Like it or not, people can be lazy and will often take the route of least possible resistance (no pun intended!). Unfortunately, this means the frequent charge of an electric/hybrid vehicle will often be considered a resistance and be side-stepped. Although this is not very productive for a pure electric vehicle, a hybrid can run on fossil fuel alone, so side-stepping the charge does not cause the driver any real issues. Indeed, experience tells of charging cables remaining in their plastic wrap for the life-cycle of the car. However, depending on the fuel strategy of the business, the failure to charge the vehicle will have implications. If a driver is less than enthusiastic about recharging the battery of a hybrid vehicle then it will operate the petrol engine on all journies. As is known, this is not as effective as a conventional diesel engine. If a company covers all fuel costs (personal and business) then poor charging discipline will result in increased fuel costs, whilst a company with generous mileage rates of 45p per mile can work in the favour of a committed electric vehicle user who may cover many of their business miles at no cost to them. Introducing electric vehicles to fleet also carry substantial infrastructure investment in work-place charging points, so to generate an ROI on an electric strategy, driver charging discipline is a must.
It may be prudent to consider an electric/plug-in mileage rate that reflects the actual cost of running the vehicle. This will reduce the temptation for drivers to consider the mileage rate as an additional income and can also help offset the capital investment in charging infrastructure.
Health and Safety
Introducing an electric option to the car fleet list will require some planning around charging provision, especially at home. Not all homes are suited to safe and practical charging. If a car has on-street parking then this poses a risk and safe cabling must be considered. The company must also consider the suitability of the charging solution being used to ensure it does not damage their asset.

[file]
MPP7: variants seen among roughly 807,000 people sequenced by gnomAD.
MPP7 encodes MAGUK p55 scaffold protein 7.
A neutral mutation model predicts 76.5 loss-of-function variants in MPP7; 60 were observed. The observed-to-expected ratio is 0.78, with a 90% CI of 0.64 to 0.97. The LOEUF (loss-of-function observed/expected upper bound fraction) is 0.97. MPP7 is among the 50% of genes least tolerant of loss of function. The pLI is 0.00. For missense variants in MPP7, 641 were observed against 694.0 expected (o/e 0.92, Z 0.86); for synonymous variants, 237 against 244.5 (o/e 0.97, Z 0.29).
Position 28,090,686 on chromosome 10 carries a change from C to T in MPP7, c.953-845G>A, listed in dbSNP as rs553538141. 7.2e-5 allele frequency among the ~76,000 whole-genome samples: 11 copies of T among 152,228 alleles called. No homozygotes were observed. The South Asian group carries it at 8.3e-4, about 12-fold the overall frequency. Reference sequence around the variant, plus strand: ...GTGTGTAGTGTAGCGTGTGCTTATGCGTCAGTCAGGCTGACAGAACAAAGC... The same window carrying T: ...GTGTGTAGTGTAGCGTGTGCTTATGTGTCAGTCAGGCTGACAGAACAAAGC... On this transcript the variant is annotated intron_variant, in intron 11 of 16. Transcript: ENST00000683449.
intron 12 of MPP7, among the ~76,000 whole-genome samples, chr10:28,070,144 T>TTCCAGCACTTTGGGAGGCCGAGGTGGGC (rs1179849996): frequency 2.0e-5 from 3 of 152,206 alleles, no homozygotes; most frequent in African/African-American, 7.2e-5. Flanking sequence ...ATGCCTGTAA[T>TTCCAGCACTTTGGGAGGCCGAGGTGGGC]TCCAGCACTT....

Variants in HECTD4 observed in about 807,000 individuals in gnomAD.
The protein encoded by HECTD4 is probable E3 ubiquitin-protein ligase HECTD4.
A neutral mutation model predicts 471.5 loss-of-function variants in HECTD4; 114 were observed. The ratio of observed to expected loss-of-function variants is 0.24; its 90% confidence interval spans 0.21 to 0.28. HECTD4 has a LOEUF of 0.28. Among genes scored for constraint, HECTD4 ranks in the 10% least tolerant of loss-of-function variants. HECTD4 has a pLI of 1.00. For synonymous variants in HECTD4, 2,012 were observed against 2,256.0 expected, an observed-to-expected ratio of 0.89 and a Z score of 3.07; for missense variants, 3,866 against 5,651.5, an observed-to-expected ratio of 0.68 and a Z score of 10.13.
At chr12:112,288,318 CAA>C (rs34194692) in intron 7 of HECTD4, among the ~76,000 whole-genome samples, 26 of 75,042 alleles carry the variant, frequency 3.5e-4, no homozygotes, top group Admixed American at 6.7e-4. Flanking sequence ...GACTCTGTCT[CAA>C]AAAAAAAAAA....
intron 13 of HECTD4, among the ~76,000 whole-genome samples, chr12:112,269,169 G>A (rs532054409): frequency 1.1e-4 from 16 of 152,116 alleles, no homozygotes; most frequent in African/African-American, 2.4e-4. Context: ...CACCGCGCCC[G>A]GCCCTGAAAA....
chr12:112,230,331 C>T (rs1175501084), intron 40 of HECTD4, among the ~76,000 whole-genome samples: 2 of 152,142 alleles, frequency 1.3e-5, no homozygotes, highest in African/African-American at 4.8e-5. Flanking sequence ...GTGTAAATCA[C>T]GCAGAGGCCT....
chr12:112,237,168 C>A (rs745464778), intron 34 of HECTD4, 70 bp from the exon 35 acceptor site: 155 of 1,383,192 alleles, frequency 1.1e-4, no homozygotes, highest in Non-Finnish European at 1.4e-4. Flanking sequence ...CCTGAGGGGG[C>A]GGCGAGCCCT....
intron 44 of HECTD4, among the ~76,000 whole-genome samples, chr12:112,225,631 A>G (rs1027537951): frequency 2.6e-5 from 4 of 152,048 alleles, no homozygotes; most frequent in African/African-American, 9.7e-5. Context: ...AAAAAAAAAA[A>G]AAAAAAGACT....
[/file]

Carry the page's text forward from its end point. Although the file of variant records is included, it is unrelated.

One of the challenges to all users of electric vehicles is range anxiety. Although great inroads have been made around improving range, the newest EV’s still only provide a real-world range of 125-150 miles, which although is commute-sufficient, does not inspire confidence that a round trip to a client meeting or a day in the field would be completed before the need to sit out for 30 mins or so whilst the battery recharged. The benefit of a hybrid, however, is the removal of range anxiety and the ability to operate electric for part of a journey which does help drive down emissions down, producing better CO figures.
One characteristic is the positive halo effect the use of electric vehicles emits to the business brand. If the business is known for its green credentials and has strong market messages based on this position, then the inclusion to a fleet of electric vehicles has obvious positive connotations.
We recently wrote about the impact of recent diesel regulations on fleet. Noting particularly how shorter inner-city journeys may be compromised should the diesel regs be extended to inner-city bans, as is the case in 4 major global cities. Manufacturers have responded to this by introducing electric light commercial vehicles as alternatives for inner-city driving; this tactic of moving to electric also has obvious benefits for car fleets with exposure to inner-city driving.